Toronto Metropolitan University

Toronto Metropolitan University (formerly Ryerson University) in Toronto, Ontario, was founded on 16 September 1948 as the Ryerson Institute of Technology. It became a full-fledged university in 1993. After years of backlash over the name of its founder, Egerton Ryerson, who was involved in the creation of residential schools, the school changed its name to Toronto Metropolitan University in 2022.

Toronto Metropolitan University (formerly Ryerson University) in Toronto, Ontario, was founded on 16 September 1948 as the Ryerson Institute of Technology. It became a full-fledged university in 1993. After years of backlash over the name of its founder, Egerton Ryerson, who was involved in the creation of residential schools, the school changed its name to Toronto Metropolitan University in 2022.


History

The institute is situated on historic St James Square, where the Toronto Normal School was established in 1852 by Egerton Ryerson, chief superintendent of education for Canada West.

In 1941, teacher education was shifted to another site to make room for a Royal Canadian Air Force training centre. From 1945 to 1948, the buildings served the Training and Re-establishment Institute, which offered trades training to returning war veterans. Ryerson Institute of Technology began offering two-year, trades-oriented programs, but by the early 1950s, it had developed three-year diploma programs with a significant academic component.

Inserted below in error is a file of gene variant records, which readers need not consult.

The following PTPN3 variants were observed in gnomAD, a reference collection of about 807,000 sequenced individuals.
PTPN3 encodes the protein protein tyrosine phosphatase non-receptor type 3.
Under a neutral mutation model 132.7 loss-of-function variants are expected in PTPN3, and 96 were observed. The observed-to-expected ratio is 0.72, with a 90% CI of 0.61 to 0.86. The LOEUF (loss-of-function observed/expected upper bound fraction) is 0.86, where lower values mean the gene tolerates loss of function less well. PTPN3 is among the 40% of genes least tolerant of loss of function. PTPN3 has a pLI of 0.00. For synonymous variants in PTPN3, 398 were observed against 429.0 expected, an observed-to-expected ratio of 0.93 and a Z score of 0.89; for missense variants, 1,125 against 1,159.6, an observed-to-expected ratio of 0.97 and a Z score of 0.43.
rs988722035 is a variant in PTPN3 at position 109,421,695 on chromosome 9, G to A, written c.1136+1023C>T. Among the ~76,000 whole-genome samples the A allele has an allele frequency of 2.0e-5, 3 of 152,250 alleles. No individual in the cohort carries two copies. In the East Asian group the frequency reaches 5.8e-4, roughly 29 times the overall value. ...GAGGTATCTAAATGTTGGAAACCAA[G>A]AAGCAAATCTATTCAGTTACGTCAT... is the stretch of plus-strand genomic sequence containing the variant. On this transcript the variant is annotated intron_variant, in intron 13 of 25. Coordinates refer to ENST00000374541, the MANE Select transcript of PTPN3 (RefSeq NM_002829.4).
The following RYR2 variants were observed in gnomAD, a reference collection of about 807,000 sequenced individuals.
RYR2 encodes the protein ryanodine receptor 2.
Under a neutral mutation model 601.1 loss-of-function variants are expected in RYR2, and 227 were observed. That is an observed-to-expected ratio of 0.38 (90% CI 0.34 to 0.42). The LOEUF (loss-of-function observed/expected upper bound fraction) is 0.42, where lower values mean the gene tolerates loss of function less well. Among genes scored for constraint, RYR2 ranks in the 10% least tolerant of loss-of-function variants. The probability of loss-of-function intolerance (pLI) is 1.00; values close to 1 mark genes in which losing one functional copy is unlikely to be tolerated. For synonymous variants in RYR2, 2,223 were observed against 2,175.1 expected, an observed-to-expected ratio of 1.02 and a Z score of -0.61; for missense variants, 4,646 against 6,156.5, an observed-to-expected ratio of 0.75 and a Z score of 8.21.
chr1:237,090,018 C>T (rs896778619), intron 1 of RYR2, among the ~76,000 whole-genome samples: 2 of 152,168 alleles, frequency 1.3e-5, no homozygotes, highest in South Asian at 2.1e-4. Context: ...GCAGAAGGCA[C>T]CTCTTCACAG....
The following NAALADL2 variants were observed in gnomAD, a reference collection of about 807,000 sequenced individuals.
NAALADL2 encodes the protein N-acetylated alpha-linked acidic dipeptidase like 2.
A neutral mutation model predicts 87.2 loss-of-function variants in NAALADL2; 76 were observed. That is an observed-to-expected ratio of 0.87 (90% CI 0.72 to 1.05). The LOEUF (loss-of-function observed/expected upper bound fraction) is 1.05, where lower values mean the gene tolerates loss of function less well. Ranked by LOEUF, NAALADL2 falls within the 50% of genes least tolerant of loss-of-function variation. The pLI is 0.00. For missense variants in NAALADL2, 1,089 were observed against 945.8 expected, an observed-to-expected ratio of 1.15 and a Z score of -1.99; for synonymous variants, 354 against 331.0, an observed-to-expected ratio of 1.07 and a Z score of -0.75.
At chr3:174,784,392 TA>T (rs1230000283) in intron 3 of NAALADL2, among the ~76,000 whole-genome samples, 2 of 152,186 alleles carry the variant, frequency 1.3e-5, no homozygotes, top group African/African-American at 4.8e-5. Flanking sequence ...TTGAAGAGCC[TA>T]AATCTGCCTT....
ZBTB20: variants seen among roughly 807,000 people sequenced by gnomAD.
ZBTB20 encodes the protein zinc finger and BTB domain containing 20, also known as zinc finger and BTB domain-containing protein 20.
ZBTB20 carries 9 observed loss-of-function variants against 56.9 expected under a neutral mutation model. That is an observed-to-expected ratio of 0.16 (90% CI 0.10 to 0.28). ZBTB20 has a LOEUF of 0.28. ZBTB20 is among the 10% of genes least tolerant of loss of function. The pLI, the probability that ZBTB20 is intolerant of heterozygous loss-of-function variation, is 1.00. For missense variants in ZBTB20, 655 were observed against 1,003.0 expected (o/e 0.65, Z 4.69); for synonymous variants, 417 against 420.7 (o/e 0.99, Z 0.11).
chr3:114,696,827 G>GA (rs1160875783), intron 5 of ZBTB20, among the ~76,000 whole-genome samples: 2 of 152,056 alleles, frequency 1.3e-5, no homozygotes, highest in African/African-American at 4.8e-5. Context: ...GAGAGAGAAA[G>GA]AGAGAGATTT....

Becoming A University

The 1964 Ryerson Act created the autonomous Ryerson Polytechnic Institute with its own board of governors. The Act was amended in 1971 to empower Ryerson to grant degrees in addition to its diplomas. That year, it also became a member of the Council of Ontario Universities. In 1992, the Canadian Engineering Accreditation Board granted Ryerson professional accreditation for six programs. The following year Ryerson received recognition as a university.

In 1997, all but three of its programs led to baccalaureate degrees. The university then developed graduate programs as part of its new mandate as a university. The change to university status came in June 1993, bringing with it a change in name to Ryerson Polytechnic University and a stronger emphasis on research. In 2001, the name was changed to Ryerson University (RU).

At the turn of the century, three new buildings were added to the campus: the Centre for Computing and Engineering, the Centre for Graphic Communications Management and the joint Sally Horsfall Eaton Centre for Studies in Community Health were built to accommodate an ever-increasing student population and number of programs. In 2000, RU launched its first three graduate programs (Communication and Culture, Environmental Applied Science and Management, and Spatial Analysis). Graduate programs in Engineering (Chemical, Civil, Electrical and Computer, and Mechanical) followed in 2001.

Name Change

In 2022, Ryerson University announced the new name of the institution: Toronto Metropolitan University. The change comes after years of backlash over the name of its founder, Egerton Ryerson, who was involved in the creation of residential schools. This change was based upon a series of recommendations by the university’s Standing Strong (Mash Koh Wee Kah Pooh Win) Task Force.

Toronto Metropolitan University is the first institution of its kind in Canada to change its name as a means of reconciliation with Indigenous peoples.